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Steam Greenlights Games in Bulk Because Most of Them Don't Get Made
by Ryan Creighton on 01/03/14 09:24:00 pm   Expert Blogs   Featured Blogs

The following blog post, unless otherwise noted, was written by a member of Gamasutra’s community.
The thoughts and opinions expressed are those of the writer and not Gamasutra or its parent company.

 

The vast majority of Indie Statik's hotly anticipated indie games are delayed by a year or more, according to a study done by me.

Barbarians at the Gate

Prior to Greenlight, the Valve-owned Steam digital video game storefront was once a supreme gatekeeper, mysteriously approving titles for distribution in a smoke-filled room. Well-connected indie game developers whose titles were approved could suddenly access Steam's then-30 million customers (the user base for the store has since ballooned to over 65 million players).

Eventually, the burden of approving games themselves grew too overwhelming for their staff, so Valve devised a system called Greenlight, whereby the store's own customers could vote for the games they themselves would want to play on the service. The popularity contest would float notable titles to the Steam staff, who would approve the games for distribution in trickles.

I'll take the three athletic-looking ones. You can have the fat ones and that cross-eyed kid.

Here Comes Everybody

In mid-to-late 2013, Steam surprised everyone by approving Greenlight games in batches of 100. It was suggested due to these bulk approvals that the days of careful curation were long over, and that the store would fill up with "just anyone" - an elitist attitude, surely, to match the store's elitist beginnings.

But there's a good reason why Steam is now approving Greenlight games en masse, and why innovative titles like Spellirium by Untold Entertainment (full disclosure: that game looks awesome) have been given a chance by Valve against all odds: Steam needs content, and the proverbial indie game devs working from their moms' basements aren't churning out quality titles quickly enough.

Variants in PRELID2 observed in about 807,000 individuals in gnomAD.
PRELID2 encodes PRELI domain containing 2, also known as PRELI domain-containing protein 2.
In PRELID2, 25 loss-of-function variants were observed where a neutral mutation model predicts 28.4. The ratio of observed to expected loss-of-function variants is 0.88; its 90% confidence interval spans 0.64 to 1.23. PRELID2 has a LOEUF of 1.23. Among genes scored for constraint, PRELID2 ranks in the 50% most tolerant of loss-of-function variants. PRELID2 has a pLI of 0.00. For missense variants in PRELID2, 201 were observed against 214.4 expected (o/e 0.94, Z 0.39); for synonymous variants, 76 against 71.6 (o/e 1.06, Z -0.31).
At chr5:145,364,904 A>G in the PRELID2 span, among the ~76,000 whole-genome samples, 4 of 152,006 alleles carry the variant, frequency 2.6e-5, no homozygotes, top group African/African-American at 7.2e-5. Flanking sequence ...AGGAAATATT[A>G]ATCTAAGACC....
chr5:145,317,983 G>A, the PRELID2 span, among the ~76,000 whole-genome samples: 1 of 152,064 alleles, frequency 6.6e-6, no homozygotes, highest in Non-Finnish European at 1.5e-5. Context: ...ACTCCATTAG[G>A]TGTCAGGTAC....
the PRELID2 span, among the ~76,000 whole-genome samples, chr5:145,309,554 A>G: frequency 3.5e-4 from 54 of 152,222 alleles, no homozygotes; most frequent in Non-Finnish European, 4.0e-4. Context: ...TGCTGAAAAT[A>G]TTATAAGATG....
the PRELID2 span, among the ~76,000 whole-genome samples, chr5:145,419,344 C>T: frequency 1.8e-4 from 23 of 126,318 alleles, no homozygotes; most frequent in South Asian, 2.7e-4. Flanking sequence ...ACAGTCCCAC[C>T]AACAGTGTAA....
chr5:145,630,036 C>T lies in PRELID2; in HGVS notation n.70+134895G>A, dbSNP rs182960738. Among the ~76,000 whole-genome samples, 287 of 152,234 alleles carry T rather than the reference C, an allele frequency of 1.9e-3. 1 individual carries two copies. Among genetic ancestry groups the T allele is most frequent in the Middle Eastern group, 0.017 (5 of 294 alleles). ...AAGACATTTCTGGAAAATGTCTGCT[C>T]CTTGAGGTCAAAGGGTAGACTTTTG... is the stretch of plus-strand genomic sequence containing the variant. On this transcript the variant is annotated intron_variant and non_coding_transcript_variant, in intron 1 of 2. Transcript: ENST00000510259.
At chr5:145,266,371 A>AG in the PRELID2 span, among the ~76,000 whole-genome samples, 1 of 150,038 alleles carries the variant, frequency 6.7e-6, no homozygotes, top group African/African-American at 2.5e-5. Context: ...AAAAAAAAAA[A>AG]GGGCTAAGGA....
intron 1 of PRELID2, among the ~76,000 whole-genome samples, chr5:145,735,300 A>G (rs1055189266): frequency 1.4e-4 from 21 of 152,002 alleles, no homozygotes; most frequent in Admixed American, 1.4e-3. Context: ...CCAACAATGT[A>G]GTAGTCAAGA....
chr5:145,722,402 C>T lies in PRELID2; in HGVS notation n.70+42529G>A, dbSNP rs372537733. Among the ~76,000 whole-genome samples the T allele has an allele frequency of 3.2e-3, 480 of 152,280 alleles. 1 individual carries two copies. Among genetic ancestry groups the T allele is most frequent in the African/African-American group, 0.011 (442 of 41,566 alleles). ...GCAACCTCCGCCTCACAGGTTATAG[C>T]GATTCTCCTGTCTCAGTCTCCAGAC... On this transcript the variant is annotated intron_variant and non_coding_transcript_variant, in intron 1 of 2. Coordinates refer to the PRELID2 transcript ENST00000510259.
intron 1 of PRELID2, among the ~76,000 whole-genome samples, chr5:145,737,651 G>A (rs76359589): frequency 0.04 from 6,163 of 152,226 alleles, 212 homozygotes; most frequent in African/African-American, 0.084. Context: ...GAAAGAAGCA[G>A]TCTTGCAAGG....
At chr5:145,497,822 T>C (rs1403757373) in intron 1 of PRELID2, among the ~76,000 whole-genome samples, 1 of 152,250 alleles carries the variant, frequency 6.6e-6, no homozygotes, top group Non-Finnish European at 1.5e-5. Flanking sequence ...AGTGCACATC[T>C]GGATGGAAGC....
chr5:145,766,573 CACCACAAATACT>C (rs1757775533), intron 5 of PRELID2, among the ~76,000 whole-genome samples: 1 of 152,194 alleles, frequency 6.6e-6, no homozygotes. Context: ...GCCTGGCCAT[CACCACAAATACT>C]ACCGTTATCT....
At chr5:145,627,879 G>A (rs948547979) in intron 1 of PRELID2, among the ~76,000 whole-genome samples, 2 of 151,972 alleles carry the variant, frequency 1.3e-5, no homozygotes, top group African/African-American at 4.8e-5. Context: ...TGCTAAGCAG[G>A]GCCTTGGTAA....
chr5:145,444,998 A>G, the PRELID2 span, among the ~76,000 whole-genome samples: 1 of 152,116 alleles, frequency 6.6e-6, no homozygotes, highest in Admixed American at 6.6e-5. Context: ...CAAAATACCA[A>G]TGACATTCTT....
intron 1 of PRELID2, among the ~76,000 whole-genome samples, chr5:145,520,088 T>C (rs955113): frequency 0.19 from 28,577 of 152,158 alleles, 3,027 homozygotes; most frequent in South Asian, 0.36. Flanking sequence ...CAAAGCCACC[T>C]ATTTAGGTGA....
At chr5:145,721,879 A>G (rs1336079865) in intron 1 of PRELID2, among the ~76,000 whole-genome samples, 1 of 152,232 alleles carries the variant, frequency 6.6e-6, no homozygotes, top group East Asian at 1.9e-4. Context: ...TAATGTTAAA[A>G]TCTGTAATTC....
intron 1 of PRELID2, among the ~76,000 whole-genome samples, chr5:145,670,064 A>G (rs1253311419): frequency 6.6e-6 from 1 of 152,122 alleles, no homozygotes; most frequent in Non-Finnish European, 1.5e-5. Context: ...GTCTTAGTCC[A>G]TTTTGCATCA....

Indie Statik recently released their picks for the Top 100 Most Anticipated Indie Games Of 2014. Like Steam, they appear to have widened their net, perhaps to get more hits on base. Last year's half-sized list of 50 games, posted on January 1st 2013, has turned up only 7 titles that actually launched in 2013. The rest of the titles are either still in development, completely abandoned, or are slouching towards Steam to be born. Take a look at this pie chart:

Move eyeballs closer to the screen to enlarge

A full 82% of Indie Statik's indie game picks went unreleased in 2013. And they're just in it for the readership - put yourself in Steam's position on this one. You can Greenlight all the indie games you like, but the odds that they'll see the light of day within the year (let alone become "hit" material) are extremely slim. That's why it makes sense for Steam to start bulk-approving games for the service, and why bulk approvals aren't a sign of the End Times or of the store's slipping quality bar. To quote the late, great Mitch Hedberg,

It takes forever to cook a baked potato in a conventional oven. Sometimes, I'll just throw one in there, even if I don't want one. By the time it's done, who knows?

The "Lucky" Few